Media Briefings

Contraception As Development: How Family Planning Programmes Improve Women’s Lives

  • Published Date: June 2010

Women in developing countries who have access to family planning programmes as teenagers stay in school longer and get better jobs later in life. That is one of the conclusions of new research by Dr Grant Miller, published in the June 2010 issue of the Economic Journal.

His analysis of Profamilia of Colombia, one of the earliest and most highly regarded family planning programmes in the developing world, finds that such programmes may not lead to large reductions in fertility. But they can be very effective in fostering young women’s acquisition of education and skills, and improving their lives.

Dr Miller, a health economist at the Stanford Medical School, comments:

‘Given that 350 million couples worldwide presently lack access to the benefits of family planning services, contraception deserves more attention in discussions of global efforts to reduce poverty.’

How much do family planning programmes contribute to fertility decline in developing countries? Academics and international aid practitioners have debated this point for decades.

There are basically two sides: those who think that the supply of modern contraceptives is the most important factor in reducing birth rates; and those who think that changing social and economic circumstances – like new opportunities for women outside the home – matter more.

Consensus has been difficult to achieve because family planning programmes are typically targeted at areas that disproportionately want or need them. (There is one exception – a true policy experiment conducted in Bangladesh in the late 1970s – but the programme was considered by some to be unrealistically intensive and not scalable.)

The new study sheds light on this question by studying the nationwide spread of one of the earliest and best-reputed family planning programmes in the developing world – Profamilia (Asociación Probienestar de la Familia Colombiana) of Colombia.

Dr Miller uses detailed records of Profamilia’s expansion during the 1960s and 1970s – an era when politics and religious beliefs in this Catholic Latin American country limited public sector involvement, making Profamilia the dominant family planning provider for several decades.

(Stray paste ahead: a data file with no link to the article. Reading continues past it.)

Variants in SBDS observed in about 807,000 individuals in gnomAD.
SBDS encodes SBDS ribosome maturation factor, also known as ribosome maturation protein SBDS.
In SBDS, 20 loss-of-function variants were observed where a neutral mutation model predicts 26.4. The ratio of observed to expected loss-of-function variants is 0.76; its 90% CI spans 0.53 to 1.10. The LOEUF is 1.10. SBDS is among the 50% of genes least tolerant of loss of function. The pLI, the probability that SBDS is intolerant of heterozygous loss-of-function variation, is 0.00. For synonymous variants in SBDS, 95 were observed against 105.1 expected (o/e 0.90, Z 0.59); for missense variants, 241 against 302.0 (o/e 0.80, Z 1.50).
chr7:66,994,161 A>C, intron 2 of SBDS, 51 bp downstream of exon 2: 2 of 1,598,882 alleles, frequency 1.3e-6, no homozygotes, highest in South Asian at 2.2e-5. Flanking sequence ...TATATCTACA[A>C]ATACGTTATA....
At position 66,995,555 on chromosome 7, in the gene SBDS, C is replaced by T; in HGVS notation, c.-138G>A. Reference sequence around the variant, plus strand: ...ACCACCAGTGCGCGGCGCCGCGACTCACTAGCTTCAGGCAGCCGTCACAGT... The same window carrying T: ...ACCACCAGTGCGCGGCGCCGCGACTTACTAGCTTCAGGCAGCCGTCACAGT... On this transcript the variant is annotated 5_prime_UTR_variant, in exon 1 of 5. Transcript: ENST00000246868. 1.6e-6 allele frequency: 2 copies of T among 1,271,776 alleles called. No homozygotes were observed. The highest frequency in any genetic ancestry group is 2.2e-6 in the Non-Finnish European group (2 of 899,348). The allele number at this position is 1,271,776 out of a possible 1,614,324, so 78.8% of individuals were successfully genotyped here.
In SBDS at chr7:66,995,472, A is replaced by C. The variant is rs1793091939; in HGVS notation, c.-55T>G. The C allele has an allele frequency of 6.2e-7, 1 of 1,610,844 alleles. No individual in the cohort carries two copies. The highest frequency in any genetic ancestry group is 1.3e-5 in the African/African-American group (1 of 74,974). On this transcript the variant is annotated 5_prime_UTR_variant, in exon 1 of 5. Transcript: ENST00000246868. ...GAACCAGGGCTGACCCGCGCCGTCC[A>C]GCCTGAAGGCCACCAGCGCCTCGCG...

Interviews with the organisation’s early leaders suggest that its spread wasn’t closely related to a desire or need for family planning – Dr Miller finds some statistical evidence consistent with this assertion as well – making it a good case for study.

Overall, Dr Miller finds that as family planning programmes arrived in local communities, women there were able to postpone their first birth and to have about 5% fewer children in their lifetime.

This was an era of rapid fertility decline in Colombia, however, and these reductions account for only 6-7% of the total fertility decline during Colombia’s demographic transition. Factors other than family planning therefore seem more important for fertility decline in this case.

But Dr Miller also finds that the programme produced other important benefits for young women. Women gaining access to family planning as teenagers stayed in school longer and worked more in the formal sector later in life.

These other benefits suggest that family planning programs may be highly effective in fostering human capital accumulation and improving the lives of women, even if they don’t lead to large reductions in fertility.

ENDS

Notes for editors: ‘Contraception as Development? New Evidence from Family Planning in Colombia’ by Grant Miller is published in the June 2010 issue of the Economic Journal.

Grant Miller is at the Stanford Medical School.

For further information: contact Grant Miller on +1-650-723-2714 (email: ngmiller@stanford.edu); or Romesh Vaitilingam on 07768-661095 (email: romesh@vaitilingam.com).